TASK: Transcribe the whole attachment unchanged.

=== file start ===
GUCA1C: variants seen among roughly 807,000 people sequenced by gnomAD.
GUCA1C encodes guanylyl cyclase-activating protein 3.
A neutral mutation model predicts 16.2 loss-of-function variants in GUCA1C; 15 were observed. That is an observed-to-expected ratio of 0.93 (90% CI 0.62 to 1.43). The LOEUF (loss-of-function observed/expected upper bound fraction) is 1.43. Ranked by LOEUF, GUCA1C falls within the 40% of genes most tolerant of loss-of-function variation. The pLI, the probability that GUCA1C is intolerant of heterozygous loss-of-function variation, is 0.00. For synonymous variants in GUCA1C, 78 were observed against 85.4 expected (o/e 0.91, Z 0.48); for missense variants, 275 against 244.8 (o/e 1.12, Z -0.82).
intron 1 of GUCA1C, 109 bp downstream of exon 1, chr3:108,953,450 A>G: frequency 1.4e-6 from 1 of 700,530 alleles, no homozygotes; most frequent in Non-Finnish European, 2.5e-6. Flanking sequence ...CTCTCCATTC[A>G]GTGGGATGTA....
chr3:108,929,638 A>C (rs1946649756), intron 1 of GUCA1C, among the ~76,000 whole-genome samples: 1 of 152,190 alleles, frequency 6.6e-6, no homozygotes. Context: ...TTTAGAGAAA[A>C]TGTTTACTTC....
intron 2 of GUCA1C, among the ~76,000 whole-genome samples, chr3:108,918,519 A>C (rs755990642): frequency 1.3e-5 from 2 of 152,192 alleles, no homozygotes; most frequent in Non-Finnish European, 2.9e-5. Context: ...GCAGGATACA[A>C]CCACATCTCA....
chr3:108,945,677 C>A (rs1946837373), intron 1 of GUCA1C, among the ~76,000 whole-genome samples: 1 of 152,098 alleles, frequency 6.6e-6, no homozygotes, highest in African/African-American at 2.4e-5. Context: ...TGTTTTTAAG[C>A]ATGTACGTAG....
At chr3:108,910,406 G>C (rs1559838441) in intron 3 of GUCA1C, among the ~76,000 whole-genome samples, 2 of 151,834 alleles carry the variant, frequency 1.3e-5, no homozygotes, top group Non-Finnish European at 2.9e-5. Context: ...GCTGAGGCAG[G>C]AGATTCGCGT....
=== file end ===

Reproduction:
GUCA1C: variants seen among roughly 807,000 people sequenced by gnomAD.
GUCA1C encodes guanylyl cyclase-activating protein 3.
A neutral mutation model predicts 16.2 loss-of-function variants in GUCA1C; 15 were observed. That is an observed-to-expected ratio of 0.93 (90% CI 0.62 to 1.43). The LOEUF (loss-of-function observed/expected upper bound fraction) is 1.43. Ranked by LOEUF, GUCA1C falls within the 40% of genes most tolerant of loss-of-function variation. The pLI, the probability that GUCA1C is intolerant of heterozygous loss-of-function variation, is 0.00. For synonymous variants in GUCA1C, 78 were observed against 85.4 expected (o/e 0.91, Z 0.48); for missense variants, 275 against 244.8 (o/e 1.12, Z -0.82).
intron 1 of GUCA1C, 109 bp downstream of exon 1, chr3:108,953,450 A>G: frequency 1.4e-6 from 1 of 700,530 alleles, no homozygotes; most frequent in Non-Finnish European, 2.5e-6. Flanking sequence ...CTCTCCATTC[A>G]GTGGGATGTA....
chr3:108,929,638 A>C (rs1946649756), intron 1 of GUCA1C, among the ~76,000 whole-genome samples: 1 of 152,190 alleles, frequency 6.6e-6, no homozygotes. Context: ...TTTAGAGAAA[A>C]TGTTTACTTC....
intron 2 of GUCA1C, among the ~76,000 whole-genome samples, chr3:108,918,519 A>C (rs755990642): frequency 1.3e-5 from 2 of 152,192 alleles, no homozygotes; most frequent in Non-Finnish European, 2.9e-5. Context: ...GCAGGATACA[A>C]CCACATCTCA....
chr3:108,945,677 C>A (rs1946837373), intron 1 of GUCA1C, among the ~76,000 whole-genome samples: 1 of 152,098 alleles, frequency 6.6e-6, no homozygotes, highest in African/African-American at 2.4e-5. Context: ...TGTTTTTAAG[C>A]ATGTACGTAG....
At chr3:108,910,406 G>C (rs1559838441) in intron 3 of GUCA1C, among the ~76,000 whole-genome samples, 2 of 151,834 alleles carry the variant, frequency 1.3e-5, no homozygotes, top group Non-Finnish European at 2.9e-5. Context: ...GCTGAGGCAG[G>C]AGATTCGCGT....